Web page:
Road Engineering Journal
Road Engineering Journal
Copyright © 1997 by TranSafety, Inc.
December 1, 1997
TranSafety, Inc.
(360) 683-6276
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Texas Researchers Survey Highway Noise-Barrier Practices

The noise pollution generated by traffic is a significant and growing problem for transportation agencies. Generally, traffic noise is addressed in one of three ways: controlling the noise at its source, directing the path of sound, or using regulatory and receiver controls or policies. Transportation agencies typically use the second alternative (directing the path of sound), because it falls within their jurisdictions. Moreover, noise barriers, particularly in urban areas, have been the method of choice because they are effective and comparatively inexpensive. However, noise barriers often significantly alter and dominate the visual highway environment; and, without careful planning and construction, can become a form of pollution themselves.

In an effort to refine its guidelines for noise mitigation, the Texas Department of Transportation (DOT), in cooperation with the Texas Transportation Institute, conducted a national survey of highway-noise-barrier practices. Beverly B. Storey and Sally H. Godfrey discussed the results of the survey in "Highway Noise Barriers: 1994 Survey of Practice" (Transportation Research Record 1523). They concluded that transportation agencies could improve the perception and acceptance of noise control efforts if the public were given both more knowledge about noise barriers and a more active role in their design.


The survey was sent to all state transportation agencies and similar agencies in Puerto Rico and Ontario, Canada. It dealt with a number of noise-barrier issues, including barrier materials, aesthetics, and community involvement. An extensive literature review provided background on highway-sound physics, current research and development, technological advances, and existing Federal Highway Administration (FHWA) noise policies and aesthetic design criteria.


Ninety percent of the transportation agencies that received the survey responded to at least part of it.

Barrier Material Selection

Noise barriers are generally constructed of one of the following: concrete, earth, wood, brick or masonry units, metal, vegetation, mineral aggregates, plastic, glass, or composites of these materials. These materials can produce barriers in a variety of shapes and sizes, and each material has specific characteristics that make it suitable for a particular noise situation.

The survey revealed that the free-standing thin wall is the most commonly used noise barrier, and agencies cited a number of factors they use to select barrier materials, including site geometry and compatibility, durability and integrity, cost, acoustic properties, and community preference. Some agencies reported that their only criterion in barrier selection was low cost or low bid price; "however, lowest-cost criteria virtually eliminated public participation and aesthetic considerations from the decision-making process." Even when they did consider other criteria, 33 percent of the agencies indicated that low cost was the most important one.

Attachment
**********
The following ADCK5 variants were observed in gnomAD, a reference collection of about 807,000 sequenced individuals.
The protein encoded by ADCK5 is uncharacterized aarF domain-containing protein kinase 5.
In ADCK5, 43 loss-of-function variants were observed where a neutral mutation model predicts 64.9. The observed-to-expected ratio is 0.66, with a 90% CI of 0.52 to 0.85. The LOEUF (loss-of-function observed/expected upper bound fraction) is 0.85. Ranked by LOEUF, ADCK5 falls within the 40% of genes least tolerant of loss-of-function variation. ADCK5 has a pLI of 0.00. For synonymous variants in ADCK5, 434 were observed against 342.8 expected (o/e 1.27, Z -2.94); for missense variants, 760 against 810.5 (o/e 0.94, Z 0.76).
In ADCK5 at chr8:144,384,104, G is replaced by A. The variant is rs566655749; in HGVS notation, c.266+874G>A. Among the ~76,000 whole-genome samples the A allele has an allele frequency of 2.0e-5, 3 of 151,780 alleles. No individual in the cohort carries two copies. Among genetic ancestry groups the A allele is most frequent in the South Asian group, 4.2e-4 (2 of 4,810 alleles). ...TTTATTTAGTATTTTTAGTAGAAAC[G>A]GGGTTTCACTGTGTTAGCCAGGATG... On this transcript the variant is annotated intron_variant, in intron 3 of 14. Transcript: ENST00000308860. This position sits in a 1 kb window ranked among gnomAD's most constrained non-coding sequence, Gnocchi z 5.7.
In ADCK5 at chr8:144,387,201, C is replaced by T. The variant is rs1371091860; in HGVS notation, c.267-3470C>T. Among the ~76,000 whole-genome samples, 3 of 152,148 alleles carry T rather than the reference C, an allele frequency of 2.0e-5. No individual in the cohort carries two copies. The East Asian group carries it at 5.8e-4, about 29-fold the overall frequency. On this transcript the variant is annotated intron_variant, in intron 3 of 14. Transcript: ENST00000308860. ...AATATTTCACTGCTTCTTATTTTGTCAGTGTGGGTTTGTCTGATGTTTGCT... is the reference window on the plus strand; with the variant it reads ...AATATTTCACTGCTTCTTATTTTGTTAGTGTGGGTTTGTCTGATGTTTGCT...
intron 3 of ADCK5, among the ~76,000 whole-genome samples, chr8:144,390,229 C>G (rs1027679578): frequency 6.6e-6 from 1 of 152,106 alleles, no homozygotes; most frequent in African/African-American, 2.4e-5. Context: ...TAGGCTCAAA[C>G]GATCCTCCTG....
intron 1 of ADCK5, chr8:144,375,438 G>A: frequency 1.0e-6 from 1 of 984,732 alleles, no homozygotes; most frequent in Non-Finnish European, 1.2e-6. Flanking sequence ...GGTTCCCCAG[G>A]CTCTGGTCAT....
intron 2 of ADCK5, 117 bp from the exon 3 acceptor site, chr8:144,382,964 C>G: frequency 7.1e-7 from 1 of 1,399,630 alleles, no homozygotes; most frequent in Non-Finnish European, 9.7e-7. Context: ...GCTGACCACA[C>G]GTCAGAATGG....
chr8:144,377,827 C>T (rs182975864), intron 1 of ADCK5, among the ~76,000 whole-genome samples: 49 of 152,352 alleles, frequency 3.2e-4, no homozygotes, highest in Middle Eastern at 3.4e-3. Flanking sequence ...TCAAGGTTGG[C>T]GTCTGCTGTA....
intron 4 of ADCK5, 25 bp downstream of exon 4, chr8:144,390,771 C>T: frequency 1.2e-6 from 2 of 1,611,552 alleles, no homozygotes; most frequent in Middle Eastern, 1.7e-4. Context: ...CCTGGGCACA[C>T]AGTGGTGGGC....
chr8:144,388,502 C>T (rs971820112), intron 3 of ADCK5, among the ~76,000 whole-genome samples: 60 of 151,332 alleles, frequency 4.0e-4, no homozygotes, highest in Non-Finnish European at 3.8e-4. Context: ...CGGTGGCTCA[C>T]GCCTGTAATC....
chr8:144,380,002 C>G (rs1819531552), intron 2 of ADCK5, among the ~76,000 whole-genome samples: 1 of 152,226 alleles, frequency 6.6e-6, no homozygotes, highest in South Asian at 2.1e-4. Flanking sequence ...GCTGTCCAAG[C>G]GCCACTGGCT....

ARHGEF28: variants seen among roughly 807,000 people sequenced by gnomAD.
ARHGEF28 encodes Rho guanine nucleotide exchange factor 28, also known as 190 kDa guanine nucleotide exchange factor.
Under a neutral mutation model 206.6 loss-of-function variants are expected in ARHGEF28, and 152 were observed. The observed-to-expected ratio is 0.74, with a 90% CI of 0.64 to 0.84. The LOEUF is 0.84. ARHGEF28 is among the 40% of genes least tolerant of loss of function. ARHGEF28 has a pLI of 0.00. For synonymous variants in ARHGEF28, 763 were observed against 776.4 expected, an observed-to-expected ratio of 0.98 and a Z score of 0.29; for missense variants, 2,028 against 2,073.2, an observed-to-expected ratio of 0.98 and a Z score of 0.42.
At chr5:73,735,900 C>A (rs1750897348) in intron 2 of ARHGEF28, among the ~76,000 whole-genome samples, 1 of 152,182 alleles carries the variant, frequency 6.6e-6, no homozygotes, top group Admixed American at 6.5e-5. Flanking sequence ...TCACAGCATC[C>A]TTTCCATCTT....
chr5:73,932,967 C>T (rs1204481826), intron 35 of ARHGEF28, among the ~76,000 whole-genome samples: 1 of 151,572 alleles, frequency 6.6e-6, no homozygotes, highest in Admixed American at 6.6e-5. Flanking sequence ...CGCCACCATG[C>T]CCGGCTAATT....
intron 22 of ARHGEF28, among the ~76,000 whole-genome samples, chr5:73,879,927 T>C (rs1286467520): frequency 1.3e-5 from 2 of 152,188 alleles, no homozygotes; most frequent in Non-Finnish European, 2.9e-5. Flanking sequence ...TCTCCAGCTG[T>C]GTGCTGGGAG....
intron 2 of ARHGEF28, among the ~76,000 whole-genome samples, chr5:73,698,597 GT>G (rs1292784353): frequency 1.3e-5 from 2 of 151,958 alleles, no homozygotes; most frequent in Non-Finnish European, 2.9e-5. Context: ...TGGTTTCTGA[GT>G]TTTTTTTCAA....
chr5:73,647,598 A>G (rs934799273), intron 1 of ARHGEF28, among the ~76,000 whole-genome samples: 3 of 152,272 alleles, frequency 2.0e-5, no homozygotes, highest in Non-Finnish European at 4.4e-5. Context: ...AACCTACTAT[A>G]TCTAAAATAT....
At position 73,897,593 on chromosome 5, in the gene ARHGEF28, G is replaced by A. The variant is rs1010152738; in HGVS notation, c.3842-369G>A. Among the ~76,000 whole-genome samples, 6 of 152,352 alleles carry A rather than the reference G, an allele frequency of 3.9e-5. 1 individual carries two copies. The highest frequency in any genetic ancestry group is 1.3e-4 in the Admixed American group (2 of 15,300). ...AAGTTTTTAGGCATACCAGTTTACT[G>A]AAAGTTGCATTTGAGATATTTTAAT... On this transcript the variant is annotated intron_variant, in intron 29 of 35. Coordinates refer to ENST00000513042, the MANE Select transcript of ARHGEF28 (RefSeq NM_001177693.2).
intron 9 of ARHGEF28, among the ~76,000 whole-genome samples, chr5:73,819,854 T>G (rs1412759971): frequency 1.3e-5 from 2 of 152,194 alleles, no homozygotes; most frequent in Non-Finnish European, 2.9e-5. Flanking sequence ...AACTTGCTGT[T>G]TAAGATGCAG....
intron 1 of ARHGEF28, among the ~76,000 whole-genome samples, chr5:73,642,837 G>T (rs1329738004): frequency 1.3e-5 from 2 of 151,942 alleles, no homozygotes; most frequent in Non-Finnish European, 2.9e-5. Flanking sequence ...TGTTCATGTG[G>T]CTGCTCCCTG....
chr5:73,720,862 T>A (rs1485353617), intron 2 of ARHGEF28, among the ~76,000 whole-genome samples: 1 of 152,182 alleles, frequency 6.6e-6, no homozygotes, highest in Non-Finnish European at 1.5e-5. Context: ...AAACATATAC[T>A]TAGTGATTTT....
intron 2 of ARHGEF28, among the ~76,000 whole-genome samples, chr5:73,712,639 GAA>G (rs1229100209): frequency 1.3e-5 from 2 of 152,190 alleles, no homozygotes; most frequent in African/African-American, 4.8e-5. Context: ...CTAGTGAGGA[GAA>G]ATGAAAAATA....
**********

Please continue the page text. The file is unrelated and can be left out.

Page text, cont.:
Concrete was the most commonly used noise-barrier material. Both Florida and Pennsylvania thought concrete the most durable material; nearly all barriers in these states (96 percent and 86 percent, respectively) are made of concrete. In addition to being durable, concrete is relatively inexpensive and easy to maintain, and its transmission loss (a minimum 32 decibels(dB)) is high compared with other materials. Though public acceptance of earth berms was equal to concrete, earth-berm barriers were second on the lists of transportation agencies. Soil made available from highway construction is one clear advantage of earth berms, as is their "excellent attenuation by absorbing sound." Barriers and berms are often used together to "reduce the total structure necessary to achieve the specified attenuation levels."

Metal barriers (particularly steel) fared well in the durability portion of the survey; wooden barriers, however, did not. While its low cost and availability made wood the material of choice in Alaska and Virginia, some states reported ongoing problems with repairing and replacing wooden barriers. Wood's acoustic properties are poorer than those of more solid materials (a transmission loss of between 18 and 23 dB), and it has a tendency to shrink, warp, deteriorate, and discolor. In Colorado, more than 50 percent of the barriers are made of wood, and 55 percent of its annual transportation budget is used to maintain these barriers. Other states reported vandalism problems, and, in a few cases, arson.

Brick or masonry units, on the other hand, offer "an excellent transmission loss of 33 dB," but they cost more to construct and need to be replaced when damaged. Information from the survey about plastic and glass barriers was limited, since Maryland was the only state to report using these materials. The literature review revealed that lexan, glass, and fiberglass are the three main plastic or glass materials used in noise barriers. In particular, fiberglass is weather-resistant and durable, and it offers effective sound absorption and design flexibility.